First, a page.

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The biggest challenge facing India Inc

By Sudipto Dey
March 18, 2019 13:48 IST
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The immediate concern for all companies is to prepare themselves - and their vendors and suppliers - for the new GST return filing mechanism, being test piloted from April 1.

Illustration: Uttam Ghosh/

From April 1 onwards - with the onset of the new financial year - India Inc’s compliance score will be under the scanner.

Be it getting ready for a new GST return filing mechanism, changes in composition of the board of directors, closer scrutiny over group operations, changes in the treatment of certain financial contracts or in reporting of financial numbers, businesses will have to get their act in place.


The immediate concern for all companies is to prepare themselves - and their vendors and suppliers - for the new GST return filing mechanism, being test piloted from April 1.

It is likely to be formally introduced in July.

In the new mechanism, the uploaded GST invoices will be visible on a real-time basis to the taxpayer and the recipient of goods or services.

Experts say all the buyers are expected to request their respective vendors to upload invoices immediately to enable them to check the same ‘online’.

This effectively means that all the GST registered buyers will be required to check whether their vendors are uploading the invoices and are paying taxes and filing returns, says Pritam Mahure, Pune-based GST expert.

“The process is sending shivers down the spine of large GST payers who have already experienced sleepless nights due to non-responsive GST network portal,” adds Mahure.

The adoption of new accounting standard (Ind-AS), especially those related to the treatment of leases, is likely to throw several challenges at companies.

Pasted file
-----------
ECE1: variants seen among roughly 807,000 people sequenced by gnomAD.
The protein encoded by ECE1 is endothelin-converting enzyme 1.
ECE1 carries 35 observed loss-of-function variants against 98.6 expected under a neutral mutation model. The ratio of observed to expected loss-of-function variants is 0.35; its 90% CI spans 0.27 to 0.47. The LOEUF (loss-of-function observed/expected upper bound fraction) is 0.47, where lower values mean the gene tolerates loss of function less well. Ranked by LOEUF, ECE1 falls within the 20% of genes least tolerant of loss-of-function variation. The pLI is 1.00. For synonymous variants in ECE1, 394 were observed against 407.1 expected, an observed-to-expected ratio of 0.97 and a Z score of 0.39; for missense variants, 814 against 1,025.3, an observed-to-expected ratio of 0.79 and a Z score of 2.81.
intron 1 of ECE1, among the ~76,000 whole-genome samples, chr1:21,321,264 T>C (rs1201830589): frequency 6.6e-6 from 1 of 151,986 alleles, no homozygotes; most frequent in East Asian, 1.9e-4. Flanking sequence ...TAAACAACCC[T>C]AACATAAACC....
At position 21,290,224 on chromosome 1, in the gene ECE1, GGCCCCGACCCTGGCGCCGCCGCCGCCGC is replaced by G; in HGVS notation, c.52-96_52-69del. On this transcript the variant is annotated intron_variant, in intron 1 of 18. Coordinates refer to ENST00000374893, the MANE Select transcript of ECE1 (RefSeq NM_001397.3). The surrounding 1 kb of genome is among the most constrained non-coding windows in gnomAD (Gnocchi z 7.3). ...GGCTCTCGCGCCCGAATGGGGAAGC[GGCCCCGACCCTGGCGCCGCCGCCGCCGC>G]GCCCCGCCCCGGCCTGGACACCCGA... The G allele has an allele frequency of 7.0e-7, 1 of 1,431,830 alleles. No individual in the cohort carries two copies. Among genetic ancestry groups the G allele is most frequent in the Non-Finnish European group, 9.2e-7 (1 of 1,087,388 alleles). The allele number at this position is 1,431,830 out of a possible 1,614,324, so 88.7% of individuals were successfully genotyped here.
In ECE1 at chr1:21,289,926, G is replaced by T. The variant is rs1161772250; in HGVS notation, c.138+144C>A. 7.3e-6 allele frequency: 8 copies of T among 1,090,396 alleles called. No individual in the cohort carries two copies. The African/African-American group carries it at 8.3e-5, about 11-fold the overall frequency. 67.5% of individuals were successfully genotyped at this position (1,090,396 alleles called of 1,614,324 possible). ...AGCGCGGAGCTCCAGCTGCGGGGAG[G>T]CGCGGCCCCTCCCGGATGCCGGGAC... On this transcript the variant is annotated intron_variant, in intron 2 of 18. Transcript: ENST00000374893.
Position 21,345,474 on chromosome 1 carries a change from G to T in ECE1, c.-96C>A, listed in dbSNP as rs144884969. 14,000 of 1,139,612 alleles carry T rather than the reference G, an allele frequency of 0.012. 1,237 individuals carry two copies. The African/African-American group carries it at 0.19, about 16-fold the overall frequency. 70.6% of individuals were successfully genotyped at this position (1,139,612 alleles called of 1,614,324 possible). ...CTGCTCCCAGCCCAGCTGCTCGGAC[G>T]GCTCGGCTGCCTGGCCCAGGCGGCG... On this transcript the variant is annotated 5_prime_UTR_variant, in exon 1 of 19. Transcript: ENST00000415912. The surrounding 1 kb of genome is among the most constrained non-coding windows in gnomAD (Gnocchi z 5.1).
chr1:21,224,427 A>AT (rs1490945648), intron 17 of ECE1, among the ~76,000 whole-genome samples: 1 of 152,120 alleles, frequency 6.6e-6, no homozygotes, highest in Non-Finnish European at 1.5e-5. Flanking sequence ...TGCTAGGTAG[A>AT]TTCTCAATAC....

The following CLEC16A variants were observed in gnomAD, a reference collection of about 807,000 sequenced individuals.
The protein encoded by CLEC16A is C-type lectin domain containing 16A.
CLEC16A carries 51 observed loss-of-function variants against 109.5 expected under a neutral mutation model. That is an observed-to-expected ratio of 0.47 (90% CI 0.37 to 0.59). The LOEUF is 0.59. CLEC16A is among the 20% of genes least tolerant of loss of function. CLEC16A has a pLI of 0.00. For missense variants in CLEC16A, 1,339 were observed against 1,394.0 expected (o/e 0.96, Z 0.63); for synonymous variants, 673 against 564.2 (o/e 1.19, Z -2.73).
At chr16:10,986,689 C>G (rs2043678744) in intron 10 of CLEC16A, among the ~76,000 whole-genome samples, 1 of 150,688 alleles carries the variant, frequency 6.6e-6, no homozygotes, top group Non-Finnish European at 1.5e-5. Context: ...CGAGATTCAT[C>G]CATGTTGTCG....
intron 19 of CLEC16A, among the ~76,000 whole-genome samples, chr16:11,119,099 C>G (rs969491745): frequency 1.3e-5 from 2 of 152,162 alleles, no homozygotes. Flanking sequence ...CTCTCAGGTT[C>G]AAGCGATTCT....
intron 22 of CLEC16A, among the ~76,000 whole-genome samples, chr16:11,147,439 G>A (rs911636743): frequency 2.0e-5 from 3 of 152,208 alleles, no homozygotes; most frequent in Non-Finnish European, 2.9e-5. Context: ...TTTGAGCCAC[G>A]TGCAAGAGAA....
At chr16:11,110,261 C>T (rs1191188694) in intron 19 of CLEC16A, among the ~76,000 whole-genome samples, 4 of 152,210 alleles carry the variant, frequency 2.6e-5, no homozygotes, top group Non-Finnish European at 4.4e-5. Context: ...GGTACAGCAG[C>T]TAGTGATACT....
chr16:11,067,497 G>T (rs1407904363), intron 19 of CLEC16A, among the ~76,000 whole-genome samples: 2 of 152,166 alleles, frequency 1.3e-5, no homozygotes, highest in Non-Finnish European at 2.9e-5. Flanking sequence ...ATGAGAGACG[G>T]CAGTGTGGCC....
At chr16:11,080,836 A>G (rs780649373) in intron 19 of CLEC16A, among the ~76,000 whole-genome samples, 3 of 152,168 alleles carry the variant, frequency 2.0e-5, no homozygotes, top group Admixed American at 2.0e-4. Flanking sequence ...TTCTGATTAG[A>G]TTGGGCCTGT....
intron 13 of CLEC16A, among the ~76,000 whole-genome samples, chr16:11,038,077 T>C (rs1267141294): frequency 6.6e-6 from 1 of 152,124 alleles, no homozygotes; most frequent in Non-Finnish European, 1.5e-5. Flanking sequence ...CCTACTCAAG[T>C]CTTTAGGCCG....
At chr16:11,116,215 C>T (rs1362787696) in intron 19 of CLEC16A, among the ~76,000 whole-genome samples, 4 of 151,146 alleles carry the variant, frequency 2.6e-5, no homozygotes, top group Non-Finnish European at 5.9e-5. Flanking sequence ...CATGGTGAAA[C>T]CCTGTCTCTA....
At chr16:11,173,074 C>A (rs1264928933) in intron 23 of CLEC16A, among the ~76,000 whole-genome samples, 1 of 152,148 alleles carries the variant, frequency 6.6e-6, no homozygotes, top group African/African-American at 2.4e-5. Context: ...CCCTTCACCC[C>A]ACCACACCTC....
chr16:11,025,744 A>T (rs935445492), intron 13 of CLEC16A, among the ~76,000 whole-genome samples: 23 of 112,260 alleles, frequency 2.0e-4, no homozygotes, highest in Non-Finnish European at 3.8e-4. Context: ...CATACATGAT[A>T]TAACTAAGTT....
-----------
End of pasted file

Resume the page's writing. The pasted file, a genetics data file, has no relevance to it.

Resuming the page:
Ind AS 116 (that pertains to leases) marks a shift in lease accounting by bringing off-balance sheet leases on the balance sheet.

“There is likely to be an increase in reported assets, liabilities and EBITDA of lessees,” says Karan Marwah, partner and head – capital markets, KPMG in India.

Once the new standard is notified by the Ministry of Corporate Affairs, experts say, this will impact a wide number of sectors, including airline, retail and infrastructure, and also on companies that seek large volume of equipment financing and those with large lease portfolios.

“The larger the lease portfolio, the greater the impact on key reporting metrics and financial ratios,” says Marwah.

As commercial banks move to Ind AS, by FY 2020, it will require early recognition and a significant increase in provisions for loans and off-balance sheet exposures based on an expected credit loss (ECL) model.

Experts point out that it will also require banking companies to assess their business model in order to classify and measure financial assets.

“The new impairment provision would require both financial services entities and the regulator to take a closer look at the impact on capital planning, pricing and alignment to risk management,” says Marwah.

Some of the key recommendations of the Kotak committee and amendments to the Sebi (LODR) Regulations - that will come into effect from April 1 - include changes in the composition and the role of the board of directors.

The top 1,000 listed entities will now need to have a minimum of six directors on their board, with the first 500 ensuring at least one independent director on the board.

The regulations envisage an enhanced role for board committees, along with closer monitoring of group entities and related parties.

Experts point out that mandatory disclosure of consolidated financial results on a quarterly basis and of cash flow statement on a half-yearly basis will improve transparency in financial statements.

According to Sandip Khetan, partner and national leader, financial accounting advisory services, EY India, “Companies will need to update their related party list to include promoter group entities holding 10 per cent or more in a listed entity to be able to gather information on transactions.”

Additionally, lot of new information now need to be provided to the board of holding companies for all material transactions recorded in the books of the subsidiary companies, say experts.

“To embrace the changes, the board will have to revisit the composition and role of committees, the independence criteria and the evaluation process of independent directors,” says Manpreet Singh Ahuja, partner & leader-risk assurance services, PwC India.

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Sudipto Dey in Mumbai
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